It is now close to 100 years since Roald Amundsen disappeared without trace in the frigid waters of the Barents Sea, in the Norwegian High Arctic, somewhere around 74°N.
Even in death, he is no stranger to controversy. He has variously been portrayed as the “conqueror” of the Northwest Passage, the South Pole and the North Pole; a latter-day Viking; a founding hero of modern Norwegian nationhood; a heartless narcissist; a world-historical character; a master mariner, ski champion and pioneering aviator; a cunning rogue; a glamorous adventurer but not much of a scientist; a glory seeker; an intruder into what “by rights” ought to have been the British sphere of Antarctic exploration.
But then, polar exploration a century and more ago was a fiercely competitive business. And Amundsen was first and last a competitor.
He vanished in 1928, at the age of 55, while trying to rescue a rival in the High Arctic. Yet he has never, to my knowledge, been cast as a tragic hero.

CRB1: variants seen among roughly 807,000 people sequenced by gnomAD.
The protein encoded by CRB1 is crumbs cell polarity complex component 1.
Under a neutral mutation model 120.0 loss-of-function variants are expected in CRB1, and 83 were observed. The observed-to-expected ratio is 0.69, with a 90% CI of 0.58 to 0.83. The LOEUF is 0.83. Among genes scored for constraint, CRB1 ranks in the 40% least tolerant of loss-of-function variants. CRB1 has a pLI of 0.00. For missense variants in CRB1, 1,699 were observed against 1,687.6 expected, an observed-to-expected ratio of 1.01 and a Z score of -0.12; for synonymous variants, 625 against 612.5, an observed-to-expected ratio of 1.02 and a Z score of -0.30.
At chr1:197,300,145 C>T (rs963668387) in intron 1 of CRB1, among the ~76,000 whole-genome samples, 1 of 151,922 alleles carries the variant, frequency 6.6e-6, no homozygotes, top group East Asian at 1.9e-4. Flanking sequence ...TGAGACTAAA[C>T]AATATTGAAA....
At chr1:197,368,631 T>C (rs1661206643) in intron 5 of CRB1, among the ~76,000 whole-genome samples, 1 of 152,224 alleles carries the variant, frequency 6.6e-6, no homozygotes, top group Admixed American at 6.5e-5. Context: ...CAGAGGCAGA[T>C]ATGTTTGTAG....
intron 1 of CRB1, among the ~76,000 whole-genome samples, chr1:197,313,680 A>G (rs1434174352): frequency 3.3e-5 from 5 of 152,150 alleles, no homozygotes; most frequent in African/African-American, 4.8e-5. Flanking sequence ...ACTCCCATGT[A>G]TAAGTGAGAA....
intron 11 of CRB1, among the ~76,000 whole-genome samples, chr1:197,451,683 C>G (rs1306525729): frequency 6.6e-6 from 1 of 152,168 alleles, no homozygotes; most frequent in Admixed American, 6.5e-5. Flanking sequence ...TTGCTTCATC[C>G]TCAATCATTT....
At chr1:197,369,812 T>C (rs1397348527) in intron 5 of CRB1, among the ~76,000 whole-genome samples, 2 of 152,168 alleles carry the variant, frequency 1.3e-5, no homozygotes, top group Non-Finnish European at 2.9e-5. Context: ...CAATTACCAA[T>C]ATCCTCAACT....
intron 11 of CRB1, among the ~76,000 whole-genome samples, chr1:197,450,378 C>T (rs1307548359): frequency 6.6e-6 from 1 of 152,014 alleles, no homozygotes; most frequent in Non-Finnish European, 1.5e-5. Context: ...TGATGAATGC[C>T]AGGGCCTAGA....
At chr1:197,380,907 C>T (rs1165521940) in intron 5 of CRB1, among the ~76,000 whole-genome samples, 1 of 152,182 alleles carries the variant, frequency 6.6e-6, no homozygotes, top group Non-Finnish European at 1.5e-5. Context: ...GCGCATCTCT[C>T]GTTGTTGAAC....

Those are the first few paragraphs of WildTrekker, a new expedition biography of Roald Amundsen I am working on. The research I did for The Blinding Sea – using the camera to get acquainted first-hand with the inhabitants, wilderness and seas of the Arctic and Antarctic – is making a big difference. This book is based on experience, oral and written evidence, and a rigorous search for new insights.
WildTrekker is an adventurous book – even an extreme one. Above all, it places the accent on the quest for knowledge. Writing the book is a cross-disciplinary exercise, drawing on diverse domains of knowledge, such as the science of navigation, the history of exploration and science, medicine and healthcare, animal behaviour and breeding, anthropology, biology, geology, glaciology, mountaineering, oceanography, the physics of magnetism, polar nutrition & psychology, politics, and naturally Amundsen’s own collaborative management style.
The book should come out in March 2022, under the Evidentia Originals imprint – 480 pages altogether, with more than 150 illustrations in colour and B&W.
Actually, there will be three versions – two in print, and one as an e-book.
One print edition will have about half of the illustrations in colour and the other half in B&W, and another print edition will have all B&W illustrations.
There will also be an e-book edition, with about half the illustrations in colour, which people with B&W e-book readers will simply see in B&W.
I took the photos at the top of this blog, and below.